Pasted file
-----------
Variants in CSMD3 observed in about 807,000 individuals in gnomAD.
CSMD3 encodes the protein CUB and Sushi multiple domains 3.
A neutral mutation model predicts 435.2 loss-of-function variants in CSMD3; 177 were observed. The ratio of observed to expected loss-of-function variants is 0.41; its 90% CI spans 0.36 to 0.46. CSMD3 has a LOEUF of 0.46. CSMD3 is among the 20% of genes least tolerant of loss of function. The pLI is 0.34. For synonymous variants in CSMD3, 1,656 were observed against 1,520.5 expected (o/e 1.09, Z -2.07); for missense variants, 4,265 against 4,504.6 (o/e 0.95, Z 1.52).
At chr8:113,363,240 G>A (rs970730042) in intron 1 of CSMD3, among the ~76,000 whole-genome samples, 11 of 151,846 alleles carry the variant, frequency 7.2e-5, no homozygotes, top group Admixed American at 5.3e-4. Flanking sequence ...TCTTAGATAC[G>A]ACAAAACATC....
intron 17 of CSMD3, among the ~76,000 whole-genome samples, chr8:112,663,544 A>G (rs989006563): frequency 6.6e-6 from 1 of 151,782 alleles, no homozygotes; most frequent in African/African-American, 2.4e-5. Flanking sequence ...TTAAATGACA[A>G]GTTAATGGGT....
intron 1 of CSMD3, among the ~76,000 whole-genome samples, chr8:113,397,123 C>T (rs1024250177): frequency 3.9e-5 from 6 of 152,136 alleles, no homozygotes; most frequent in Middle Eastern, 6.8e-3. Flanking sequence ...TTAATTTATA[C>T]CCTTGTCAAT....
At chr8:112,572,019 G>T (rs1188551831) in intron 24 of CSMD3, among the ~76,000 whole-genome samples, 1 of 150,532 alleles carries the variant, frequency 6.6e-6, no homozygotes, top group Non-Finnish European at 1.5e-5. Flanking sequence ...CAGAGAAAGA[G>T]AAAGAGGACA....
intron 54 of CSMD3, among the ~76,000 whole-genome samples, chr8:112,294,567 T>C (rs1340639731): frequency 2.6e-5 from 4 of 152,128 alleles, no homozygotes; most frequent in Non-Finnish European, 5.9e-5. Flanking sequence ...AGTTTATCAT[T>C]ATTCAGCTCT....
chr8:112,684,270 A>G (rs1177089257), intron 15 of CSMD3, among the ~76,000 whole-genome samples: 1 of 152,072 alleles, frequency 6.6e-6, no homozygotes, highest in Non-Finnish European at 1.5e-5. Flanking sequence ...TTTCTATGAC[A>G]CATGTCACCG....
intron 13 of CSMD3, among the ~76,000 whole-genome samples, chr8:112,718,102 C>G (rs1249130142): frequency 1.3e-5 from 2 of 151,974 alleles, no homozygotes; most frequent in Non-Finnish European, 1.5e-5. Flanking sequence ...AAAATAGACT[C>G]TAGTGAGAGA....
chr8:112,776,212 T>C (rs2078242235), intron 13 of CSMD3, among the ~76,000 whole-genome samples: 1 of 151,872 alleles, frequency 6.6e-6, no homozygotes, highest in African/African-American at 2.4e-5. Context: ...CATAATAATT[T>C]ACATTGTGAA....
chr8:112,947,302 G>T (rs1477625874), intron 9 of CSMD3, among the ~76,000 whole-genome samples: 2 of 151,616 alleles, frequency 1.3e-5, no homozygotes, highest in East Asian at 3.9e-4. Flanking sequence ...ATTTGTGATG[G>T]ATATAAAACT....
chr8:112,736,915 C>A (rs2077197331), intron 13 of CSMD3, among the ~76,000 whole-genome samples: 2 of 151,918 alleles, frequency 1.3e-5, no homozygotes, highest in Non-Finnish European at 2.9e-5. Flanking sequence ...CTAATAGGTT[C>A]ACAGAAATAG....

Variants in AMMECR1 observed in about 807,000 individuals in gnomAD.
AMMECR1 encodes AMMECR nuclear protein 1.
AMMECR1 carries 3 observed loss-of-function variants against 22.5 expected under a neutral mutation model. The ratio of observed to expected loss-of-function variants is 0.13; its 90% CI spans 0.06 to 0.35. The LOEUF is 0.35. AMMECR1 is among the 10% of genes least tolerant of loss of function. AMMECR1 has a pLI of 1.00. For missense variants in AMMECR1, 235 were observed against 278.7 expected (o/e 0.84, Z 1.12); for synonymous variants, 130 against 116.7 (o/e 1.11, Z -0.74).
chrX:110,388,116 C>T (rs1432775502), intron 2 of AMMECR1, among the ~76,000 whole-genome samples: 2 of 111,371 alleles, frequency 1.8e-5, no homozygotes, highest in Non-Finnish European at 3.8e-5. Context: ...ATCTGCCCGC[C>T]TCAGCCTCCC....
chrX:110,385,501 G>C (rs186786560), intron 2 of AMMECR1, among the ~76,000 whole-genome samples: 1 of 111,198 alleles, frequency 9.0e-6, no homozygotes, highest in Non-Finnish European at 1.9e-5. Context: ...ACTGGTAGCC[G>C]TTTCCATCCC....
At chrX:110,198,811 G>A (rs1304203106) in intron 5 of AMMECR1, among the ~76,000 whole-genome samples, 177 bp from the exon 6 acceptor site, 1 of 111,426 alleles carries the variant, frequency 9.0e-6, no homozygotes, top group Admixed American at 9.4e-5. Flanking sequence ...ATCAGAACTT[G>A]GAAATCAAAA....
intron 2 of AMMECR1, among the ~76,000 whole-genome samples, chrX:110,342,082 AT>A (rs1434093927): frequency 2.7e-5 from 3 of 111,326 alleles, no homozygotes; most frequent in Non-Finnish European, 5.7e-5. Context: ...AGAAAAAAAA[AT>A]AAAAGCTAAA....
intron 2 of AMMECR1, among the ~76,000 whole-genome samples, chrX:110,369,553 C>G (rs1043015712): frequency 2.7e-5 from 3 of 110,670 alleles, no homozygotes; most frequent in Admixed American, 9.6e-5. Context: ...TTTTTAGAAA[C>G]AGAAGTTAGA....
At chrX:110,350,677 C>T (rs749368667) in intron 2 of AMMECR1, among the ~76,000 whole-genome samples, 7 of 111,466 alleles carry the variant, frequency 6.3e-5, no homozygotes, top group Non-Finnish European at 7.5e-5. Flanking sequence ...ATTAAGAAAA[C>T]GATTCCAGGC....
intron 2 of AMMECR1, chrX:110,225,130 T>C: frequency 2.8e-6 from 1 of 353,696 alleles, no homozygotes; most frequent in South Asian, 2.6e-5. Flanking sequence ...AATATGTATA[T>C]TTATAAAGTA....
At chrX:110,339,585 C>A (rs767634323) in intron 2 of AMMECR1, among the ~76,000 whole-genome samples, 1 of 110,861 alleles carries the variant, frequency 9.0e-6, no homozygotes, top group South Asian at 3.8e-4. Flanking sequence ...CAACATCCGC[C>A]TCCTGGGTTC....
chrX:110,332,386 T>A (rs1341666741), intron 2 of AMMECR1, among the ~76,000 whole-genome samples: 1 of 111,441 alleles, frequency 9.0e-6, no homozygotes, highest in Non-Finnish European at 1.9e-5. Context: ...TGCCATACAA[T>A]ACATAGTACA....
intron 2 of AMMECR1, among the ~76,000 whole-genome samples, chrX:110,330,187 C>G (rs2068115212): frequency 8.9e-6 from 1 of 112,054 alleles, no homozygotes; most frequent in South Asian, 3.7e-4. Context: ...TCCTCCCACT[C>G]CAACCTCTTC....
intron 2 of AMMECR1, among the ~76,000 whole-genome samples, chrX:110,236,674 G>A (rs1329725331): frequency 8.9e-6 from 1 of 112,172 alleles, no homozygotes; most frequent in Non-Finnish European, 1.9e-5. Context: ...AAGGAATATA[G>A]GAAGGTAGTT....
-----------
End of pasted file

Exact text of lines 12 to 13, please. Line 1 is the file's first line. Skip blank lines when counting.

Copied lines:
chr8:112,947,302 G>T (rs1477625874), intron 9 of CSMD3, among the ~76,000 whole-genome samples: 2 of 151,616 alleles, frequency 1.3e-5, no homozygotes, highest in East Asian at 3.9e-4. Flanking sequence ...ATTTGTGATG[G>T]ATATAAAACT....
chr8:112,736,915 C>A (rs2077197331), intron 13 of CSMD3, among the ~76,000 whole-genome samples: 2 of 151,918 alleles, frequency 1.3e-5, no homozygotes, highest in Non-Finnish European at 2.9e-5. Flanking sequence ...CTAATAGGTT[C>A]ACAGAAATAG....